Goalposts are especially important for those experiencing long-term adversity. As a child, I tried not to think about how long I would be on chemotherapy. Rather, I took things one hospital stay at a time. This is the reason so many people celebrated the end of 2020, despite knowing that the date did not really change anything. We collectively survived the worst year in modern history, despite the universe throwing everything but a stray meteorite or an alien invasion our way. That had to be worth something.

Eventually, it sunk in that 2021 was just the horrible sequel that nobody asked for. Everyone moved the next goalpost to the summer and the hope that enough people will be vaccinated by then that awkward conversations will be the scariest part of social gatherings.

The hard truth for many is that the end of the pandemic will just be the next step in overcoming the challenges it created.

Back during the beginning of my freshman year, frequent visits to my guidance counselor often resulted in lectures about speaking up or looking people in the eyes when they talked to me. I would lay awake at night while thinking about all of the things that had not gotten better yet, despite everything that I had already lived through.

However, things did not stay that way forever. I had some good teachers who were simultaneously understanding of my situation while also pushing me to improve. They helped me turn my grades around by the end of my freshman year, and I made the honor roll for every subsequent semester. And while it took a lot longer to turn my social life around, I did manage to luck into good groups of friends each year. Whether it was from the nice seniors who invited me to sit with them at lunch or the friend who insisted on spending time together, each person helped me realize how to function at the level of an ordinary awkward teenager. With their help, I slowly learned how to initiate conversations, and I was eventually able to open up to others about the things I had been through. By the end of high school, I finally felt like I was in a good place.

One of the major obstacles I met in building relationships was that I did not have anyone in my life who had shared anything like my experience with surviving cancer. In contrast, for better or worse, pretty much everyone has had to adapt to some form of adversity brought about by COVID-19, even if not to the same degree.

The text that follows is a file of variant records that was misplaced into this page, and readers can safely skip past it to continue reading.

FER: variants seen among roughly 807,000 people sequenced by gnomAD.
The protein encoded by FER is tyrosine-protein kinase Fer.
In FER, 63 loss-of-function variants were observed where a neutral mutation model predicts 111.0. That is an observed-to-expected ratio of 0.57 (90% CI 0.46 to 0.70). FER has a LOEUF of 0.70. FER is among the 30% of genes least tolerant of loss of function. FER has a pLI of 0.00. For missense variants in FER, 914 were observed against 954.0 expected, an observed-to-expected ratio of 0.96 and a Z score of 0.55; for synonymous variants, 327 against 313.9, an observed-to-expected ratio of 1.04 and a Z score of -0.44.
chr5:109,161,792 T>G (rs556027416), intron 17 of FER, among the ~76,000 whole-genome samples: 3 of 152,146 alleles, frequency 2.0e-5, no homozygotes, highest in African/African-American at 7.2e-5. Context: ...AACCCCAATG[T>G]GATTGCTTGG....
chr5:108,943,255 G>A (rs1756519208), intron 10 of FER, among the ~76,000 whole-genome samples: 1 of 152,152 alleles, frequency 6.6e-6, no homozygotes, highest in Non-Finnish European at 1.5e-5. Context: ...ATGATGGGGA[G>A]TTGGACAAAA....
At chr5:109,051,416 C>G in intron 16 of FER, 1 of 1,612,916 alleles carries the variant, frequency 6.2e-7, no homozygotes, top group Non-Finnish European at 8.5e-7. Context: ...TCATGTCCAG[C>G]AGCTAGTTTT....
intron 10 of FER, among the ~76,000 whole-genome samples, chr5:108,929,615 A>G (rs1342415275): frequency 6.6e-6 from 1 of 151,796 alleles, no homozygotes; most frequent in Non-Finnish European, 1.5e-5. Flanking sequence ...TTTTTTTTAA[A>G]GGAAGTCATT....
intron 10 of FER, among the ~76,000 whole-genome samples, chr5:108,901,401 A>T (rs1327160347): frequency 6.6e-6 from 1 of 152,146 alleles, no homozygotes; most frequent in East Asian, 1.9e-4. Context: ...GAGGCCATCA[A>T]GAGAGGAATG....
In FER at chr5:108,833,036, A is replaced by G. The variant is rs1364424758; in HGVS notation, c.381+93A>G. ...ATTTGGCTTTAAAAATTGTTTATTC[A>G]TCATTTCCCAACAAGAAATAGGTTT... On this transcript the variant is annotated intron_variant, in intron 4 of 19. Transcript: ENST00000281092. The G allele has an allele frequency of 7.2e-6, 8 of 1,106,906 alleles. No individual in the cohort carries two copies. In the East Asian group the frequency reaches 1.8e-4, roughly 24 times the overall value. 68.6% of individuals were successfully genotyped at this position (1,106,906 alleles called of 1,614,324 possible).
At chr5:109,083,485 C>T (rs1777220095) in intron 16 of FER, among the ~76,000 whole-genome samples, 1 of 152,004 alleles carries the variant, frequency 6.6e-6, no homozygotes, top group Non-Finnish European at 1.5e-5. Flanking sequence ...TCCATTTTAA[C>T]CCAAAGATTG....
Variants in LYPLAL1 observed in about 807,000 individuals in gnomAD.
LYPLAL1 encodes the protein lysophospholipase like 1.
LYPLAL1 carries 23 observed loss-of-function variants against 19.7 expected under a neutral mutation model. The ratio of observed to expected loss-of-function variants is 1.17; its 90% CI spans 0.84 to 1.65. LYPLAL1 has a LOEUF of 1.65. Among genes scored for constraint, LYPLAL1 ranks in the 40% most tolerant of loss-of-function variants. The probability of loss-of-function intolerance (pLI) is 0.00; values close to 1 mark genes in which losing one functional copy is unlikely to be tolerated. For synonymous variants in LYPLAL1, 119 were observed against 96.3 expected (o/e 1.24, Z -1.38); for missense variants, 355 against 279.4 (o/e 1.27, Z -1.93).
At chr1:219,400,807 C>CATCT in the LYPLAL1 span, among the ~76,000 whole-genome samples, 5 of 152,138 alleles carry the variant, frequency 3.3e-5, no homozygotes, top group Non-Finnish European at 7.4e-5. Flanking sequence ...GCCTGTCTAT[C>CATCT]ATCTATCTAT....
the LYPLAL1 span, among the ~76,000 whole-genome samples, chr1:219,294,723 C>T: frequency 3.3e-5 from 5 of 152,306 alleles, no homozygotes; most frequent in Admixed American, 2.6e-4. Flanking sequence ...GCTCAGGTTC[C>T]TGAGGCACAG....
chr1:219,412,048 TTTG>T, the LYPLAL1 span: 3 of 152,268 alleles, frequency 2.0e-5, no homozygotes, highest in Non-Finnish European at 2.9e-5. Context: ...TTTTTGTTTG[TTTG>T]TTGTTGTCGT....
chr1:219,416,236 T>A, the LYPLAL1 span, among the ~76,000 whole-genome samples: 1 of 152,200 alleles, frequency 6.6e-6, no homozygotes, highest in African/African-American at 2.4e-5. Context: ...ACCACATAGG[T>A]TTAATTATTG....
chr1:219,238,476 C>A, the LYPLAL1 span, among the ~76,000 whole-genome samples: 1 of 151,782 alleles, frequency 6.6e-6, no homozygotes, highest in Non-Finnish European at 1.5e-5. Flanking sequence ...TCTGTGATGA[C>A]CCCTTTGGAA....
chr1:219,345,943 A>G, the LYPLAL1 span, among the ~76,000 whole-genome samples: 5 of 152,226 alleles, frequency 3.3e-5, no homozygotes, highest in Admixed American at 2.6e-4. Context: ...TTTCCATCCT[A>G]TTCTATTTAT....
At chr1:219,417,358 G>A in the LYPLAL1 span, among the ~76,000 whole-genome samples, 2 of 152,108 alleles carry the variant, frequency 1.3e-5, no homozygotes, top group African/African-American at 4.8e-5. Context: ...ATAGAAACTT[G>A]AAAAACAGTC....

Perhaps you do not know what to do with your days while searching for work, or you are anxious about being around large groups of people again, or you do not know what to do with the room left behind by a loved one. You may not know the solution by the time things “get better” in the coming months, but the person next to you might, or you for them.

It may sound stupidly simple, but one of the things I appreciated the most whenever the subject of cancer came up was just to have someone show genuine interest and for them to ask specific questions about how my experiences made me feel.

Still, there are those who may not have anyone to connect with even when COVID is a thing of the past. I did not always have a reliable person around. Left alone, it can be easy to fall into a rut or to lose a sense of progression. Throughout my post-college years in particular, I found myself struggling — sorting out past traumas and searching for people to connect to.

I had to remind myself of the many subtle ways in which I had changed. Even if that reminder is of something seemingly simple, such as how I became comfortable with taking the bus or going out to meet people on my own. I had to intentionally challenge myself in little ways until the things that used to intimidate me became ordinary parts of my life that I enjoyed.

I try my best to follow the same advice I have given here and use my experiences to help others. One of my college friends babysat a girl who had cancer, and my friend was collecting get-well cards to give to her. I began to type out my letter before deciding to write it by hand. I told this girl, who I will probably never meet, that I was a cancer survivor. I told her that things would be tough (something she surely already knew) and that she may still face some challenges even once she gets better. But that was not a reason to be discouraged. Those challenges would get smaller, and someday she would be surrounded by family and friends, laughing and sharing what she had learned, glad that she had pushed through them all.

I would write much the same in my COVID get-well card to you.

John Cotter is a freelance writer who is currently trying to publish a book about his experiences surviving cancer. He can be reached at jcotterwriting@gmail.com